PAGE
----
I was influenced by the OP and used to think that way. However I think now, that this is not the root problem.

What if the agents get more complicated decision problems: for example, rewards depending on the parity of the agents voting certain way, etc.?

I think, what essential is that the agents have to think globally (categorical imperative, hmmm?)

Practically: if the agent recognizes that there is a collective decision, then it should model all available conceivable protocols (but making apriori sure that all cooperating agents perform the same or compatible analysis, if they can't communicate) and then they should choose the protocol with best overall total gain. In the case of the OP: the second calculation in the OP. (Not messing around with correction factors based on responsibilities, etc.)

Special considerations based on group sizes etc. may be incidentally correct in certain situations, but this is just not general enough. The crux is that the ultimate test is simply the expected value computation for the protocol of the whole group.

Comment author: 10 September 2009 11:52:00AM 0 points [-]

Between non communicating copies of your decision algorithm, it's forced that every instance comes to the same answers/distributions to all questions, as otherwise Eliezer can make money betting between different instances of the algorithm. It's not really a categorical imperative, beyond demanding consistency.

The crux of the OP is asking for a probability assessment of the world, not whether the DT functions.

I'm not postulating 1/n allocation of responsibility; I'm stating that the source of the confusion is over: P(A random individual is in a world of class Ai | Data) with P(A random world is of class Ai | Data) And that these are not equal if the number of individuals with access to Data are different in distinct classes of world.

Hence in this case, there are 2 classes of world, A1 with 18 Green rooms and 2 Reds, and A2 with 2 Green rooms and 18 Reds.

P(Random individual is in the A1 class | Woke up in a green room) = 0.9 by anthropic update. P(Random world is in the A1 class | Some individual woke up in a green room) = 0.5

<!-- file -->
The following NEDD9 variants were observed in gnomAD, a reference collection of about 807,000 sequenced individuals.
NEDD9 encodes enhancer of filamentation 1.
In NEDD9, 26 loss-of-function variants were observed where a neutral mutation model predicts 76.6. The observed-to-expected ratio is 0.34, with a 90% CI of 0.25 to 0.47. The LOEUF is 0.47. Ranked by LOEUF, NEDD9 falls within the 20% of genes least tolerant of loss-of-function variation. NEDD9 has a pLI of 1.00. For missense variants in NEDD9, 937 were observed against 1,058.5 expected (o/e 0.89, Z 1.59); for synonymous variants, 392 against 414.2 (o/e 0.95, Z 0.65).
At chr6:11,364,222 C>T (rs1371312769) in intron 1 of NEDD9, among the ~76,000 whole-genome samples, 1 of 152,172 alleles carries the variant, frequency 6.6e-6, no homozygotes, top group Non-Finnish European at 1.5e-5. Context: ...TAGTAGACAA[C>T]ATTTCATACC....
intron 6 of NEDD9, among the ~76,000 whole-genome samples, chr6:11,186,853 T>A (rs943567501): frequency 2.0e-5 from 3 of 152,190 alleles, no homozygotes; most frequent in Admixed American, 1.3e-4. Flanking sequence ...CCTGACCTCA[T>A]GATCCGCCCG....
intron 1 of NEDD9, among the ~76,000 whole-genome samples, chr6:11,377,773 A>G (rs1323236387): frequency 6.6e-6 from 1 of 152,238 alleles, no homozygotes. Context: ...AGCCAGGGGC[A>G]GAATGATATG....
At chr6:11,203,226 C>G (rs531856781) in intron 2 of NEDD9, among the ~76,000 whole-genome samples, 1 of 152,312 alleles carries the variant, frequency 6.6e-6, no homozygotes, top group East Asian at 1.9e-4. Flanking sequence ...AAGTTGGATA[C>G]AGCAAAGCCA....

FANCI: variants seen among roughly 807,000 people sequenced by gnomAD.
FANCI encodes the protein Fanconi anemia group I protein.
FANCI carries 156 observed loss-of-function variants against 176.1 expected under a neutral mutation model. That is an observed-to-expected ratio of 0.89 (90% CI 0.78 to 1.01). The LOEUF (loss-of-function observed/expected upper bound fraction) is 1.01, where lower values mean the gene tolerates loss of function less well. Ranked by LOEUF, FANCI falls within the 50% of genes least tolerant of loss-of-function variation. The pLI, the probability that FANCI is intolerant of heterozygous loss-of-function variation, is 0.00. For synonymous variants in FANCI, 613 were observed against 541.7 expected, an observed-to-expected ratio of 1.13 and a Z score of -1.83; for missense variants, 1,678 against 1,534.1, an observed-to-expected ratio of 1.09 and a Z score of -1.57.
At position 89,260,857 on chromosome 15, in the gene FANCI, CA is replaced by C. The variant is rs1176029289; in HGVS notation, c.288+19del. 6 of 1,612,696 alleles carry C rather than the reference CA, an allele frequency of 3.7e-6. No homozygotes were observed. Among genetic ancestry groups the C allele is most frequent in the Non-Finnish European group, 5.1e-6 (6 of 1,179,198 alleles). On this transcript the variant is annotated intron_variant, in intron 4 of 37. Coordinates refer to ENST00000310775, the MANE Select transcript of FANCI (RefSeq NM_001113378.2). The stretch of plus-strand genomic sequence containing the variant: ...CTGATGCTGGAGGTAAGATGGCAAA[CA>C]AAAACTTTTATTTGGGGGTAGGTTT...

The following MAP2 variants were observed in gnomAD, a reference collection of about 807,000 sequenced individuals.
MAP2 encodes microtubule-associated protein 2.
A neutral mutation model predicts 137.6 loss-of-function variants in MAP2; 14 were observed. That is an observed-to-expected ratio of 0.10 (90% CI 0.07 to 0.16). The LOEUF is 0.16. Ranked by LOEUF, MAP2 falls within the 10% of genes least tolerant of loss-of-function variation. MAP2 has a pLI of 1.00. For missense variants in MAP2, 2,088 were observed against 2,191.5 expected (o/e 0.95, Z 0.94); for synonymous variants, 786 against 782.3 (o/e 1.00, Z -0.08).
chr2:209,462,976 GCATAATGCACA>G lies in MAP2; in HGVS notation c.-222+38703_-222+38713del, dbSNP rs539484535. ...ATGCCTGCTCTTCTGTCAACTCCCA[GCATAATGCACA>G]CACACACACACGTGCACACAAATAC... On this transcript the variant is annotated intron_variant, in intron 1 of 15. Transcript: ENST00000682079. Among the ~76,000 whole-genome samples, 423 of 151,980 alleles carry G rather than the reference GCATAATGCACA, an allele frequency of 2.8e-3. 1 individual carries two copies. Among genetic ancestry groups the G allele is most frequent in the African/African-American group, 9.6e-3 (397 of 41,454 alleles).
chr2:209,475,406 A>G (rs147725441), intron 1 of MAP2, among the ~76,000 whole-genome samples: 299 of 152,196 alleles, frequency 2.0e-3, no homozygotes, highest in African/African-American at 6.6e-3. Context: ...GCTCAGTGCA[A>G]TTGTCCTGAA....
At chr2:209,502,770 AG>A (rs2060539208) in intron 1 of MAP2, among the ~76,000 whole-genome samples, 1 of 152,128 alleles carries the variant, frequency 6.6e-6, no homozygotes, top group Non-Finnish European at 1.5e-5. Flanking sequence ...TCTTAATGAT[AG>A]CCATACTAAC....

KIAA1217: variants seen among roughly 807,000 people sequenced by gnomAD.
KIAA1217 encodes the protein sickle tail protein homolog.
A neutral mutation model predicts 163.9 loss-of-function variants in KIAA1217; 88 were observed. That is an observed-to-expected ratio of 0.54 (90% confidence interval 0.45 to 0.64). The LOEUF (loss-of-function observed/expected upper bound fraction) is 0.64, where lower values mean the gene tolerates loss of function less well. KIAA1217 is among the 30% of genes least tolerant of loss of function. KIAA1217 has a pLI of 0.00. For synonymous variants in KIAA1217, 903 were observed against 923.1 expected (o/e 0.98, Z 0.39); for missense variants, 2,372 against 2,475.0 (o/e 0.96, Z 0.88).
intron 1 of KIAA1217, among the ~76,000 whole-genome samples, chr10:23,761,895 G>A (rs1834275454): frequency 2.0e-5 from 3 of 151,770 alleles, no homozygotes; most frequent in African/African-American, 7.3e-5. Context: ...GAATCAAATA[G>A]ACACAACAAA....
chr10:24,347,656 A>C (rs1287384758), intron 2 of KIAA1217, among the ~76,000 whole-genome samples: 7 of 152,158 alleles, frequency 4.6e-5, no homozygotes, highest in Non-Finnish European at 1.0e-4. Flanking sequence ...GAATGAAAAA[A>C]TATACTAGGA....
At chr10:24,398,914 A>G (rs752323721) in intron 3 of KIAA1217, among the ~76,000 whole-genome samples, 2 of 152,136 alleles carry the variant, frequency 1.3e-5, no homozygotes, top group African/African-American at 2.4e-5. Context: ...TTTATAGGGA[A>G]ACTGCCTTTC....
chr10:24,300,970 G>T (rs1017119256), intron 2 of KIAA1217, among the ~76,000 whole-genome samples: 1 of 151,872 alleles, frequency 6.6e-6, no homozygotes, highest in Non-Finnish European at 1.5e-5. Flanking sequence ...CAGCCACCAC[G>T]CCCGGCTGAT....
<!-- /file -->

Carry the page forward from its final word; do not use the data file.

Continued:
Why? Because in A1 there 18/20 individuals fit the description "Woke up in a green room", but in A2 only 2/20 do.

The crux of the OP is that neither a 90/10 nor 50/50 split seem acceptable, if betting on "Which world-class an individual in a Green room is in" and "Which world-class the (set of all individuals in Green rooms which contains this individual) is in" are identical. I assert that they are not. The first case is 0.9/0.1 A1/A2, the second is 0.5/0.5 A1/A2.

Consider a similar question where a random Green room will be asked. If you're in that room, you update both on (Green walls) and (I'm being asked) and recover the 0.5/0.5, correctly. This is close to the OP as if we wildly assert that you and only you have free will and force the others, then you are special. Equally in cases where everyone is asked and plays separately, you have 18 or 2 times the benefits depending on whether you're in A1 or A2.

If each individual Green room played separately, then you update on (Green walls), but P(I'm being asked|Green) = 1 in either case. This is betting on whether there are 18 people in green rooms or 2, and you get the correct 0.9/0.1 split. To reproduce the OP the offers would need to be +1/18 to Greens and -3/18 from Reds in A1, and +1/2 to Greens and -3/2 from Reds in A2, and then you'd refuse to play, correctly.

Comment deleted 10 September 2009 09:11:55AM *  [-]
Comment author: 10 September 2009 06:00:51PM 0 points [-]

It's not about complexity, it is just expected total gain. Simply the second calculation of the OP.

I just argued, that the second calculation is right and that is what the agents should do in general. (unless they are completely egoistic for their special copies)